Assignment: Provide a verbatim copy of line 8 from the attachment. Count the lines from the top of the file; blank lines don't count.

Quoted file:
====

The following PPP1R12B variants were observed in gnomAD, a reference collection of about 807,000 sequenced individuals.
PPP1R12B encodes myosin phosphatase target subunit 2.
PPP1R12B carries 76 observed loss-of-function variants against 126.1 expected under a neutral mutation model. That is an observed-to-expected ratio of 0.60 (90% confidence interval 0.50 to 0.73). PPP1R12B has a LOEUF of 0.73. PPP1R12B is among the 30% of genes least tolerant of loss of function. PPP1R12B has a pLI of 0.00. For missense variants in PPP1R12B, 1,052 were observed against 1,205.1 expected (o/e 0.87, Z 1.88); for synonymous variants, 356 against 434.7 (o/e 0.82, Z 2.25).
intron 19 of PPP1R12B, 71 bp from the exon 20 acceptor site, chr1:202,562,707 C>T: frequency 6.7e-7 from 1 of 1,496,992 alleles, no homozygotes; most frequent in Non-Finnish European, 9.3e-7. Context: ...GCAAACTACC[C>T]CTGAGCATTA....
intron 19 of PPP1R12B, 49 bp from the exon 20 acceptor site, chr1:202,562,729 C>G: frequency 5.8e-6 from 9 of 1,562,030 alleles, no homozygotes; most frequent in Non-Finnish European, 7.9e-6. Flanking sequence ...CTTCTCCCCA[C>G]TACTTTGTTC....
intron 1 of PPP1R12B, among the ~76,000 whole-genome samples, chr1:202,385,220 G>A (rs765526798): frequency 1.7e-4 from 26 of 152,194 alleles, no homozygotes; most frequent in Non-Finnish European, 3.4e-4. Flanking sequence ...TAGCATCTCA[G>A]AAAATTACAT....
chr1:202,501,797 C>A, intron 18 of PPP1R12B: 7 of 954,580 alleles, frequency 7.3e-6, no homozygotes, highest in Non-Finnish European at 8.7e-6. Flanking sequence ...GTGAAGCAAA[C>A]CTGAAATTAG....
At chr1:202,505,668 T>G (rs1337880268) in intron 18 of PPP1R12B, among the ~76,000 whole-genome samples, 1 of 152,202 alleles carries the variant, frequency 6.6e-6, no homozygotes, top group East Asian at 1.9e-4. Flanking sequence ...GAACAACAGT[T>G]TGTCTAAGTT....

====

At chr1:202,505,668 T>G (rs1337880268) in intron 18 of PPP1R12B, among the ~76,000 whole-genome samples, 1 of 152,202 alleles carries the variant, frequency 6.6e-6, no homozygotes, top group East Asian at 1.9e-4. Flanking sequence ...GAACAACAGT[T>G]TGTCTAAGTT....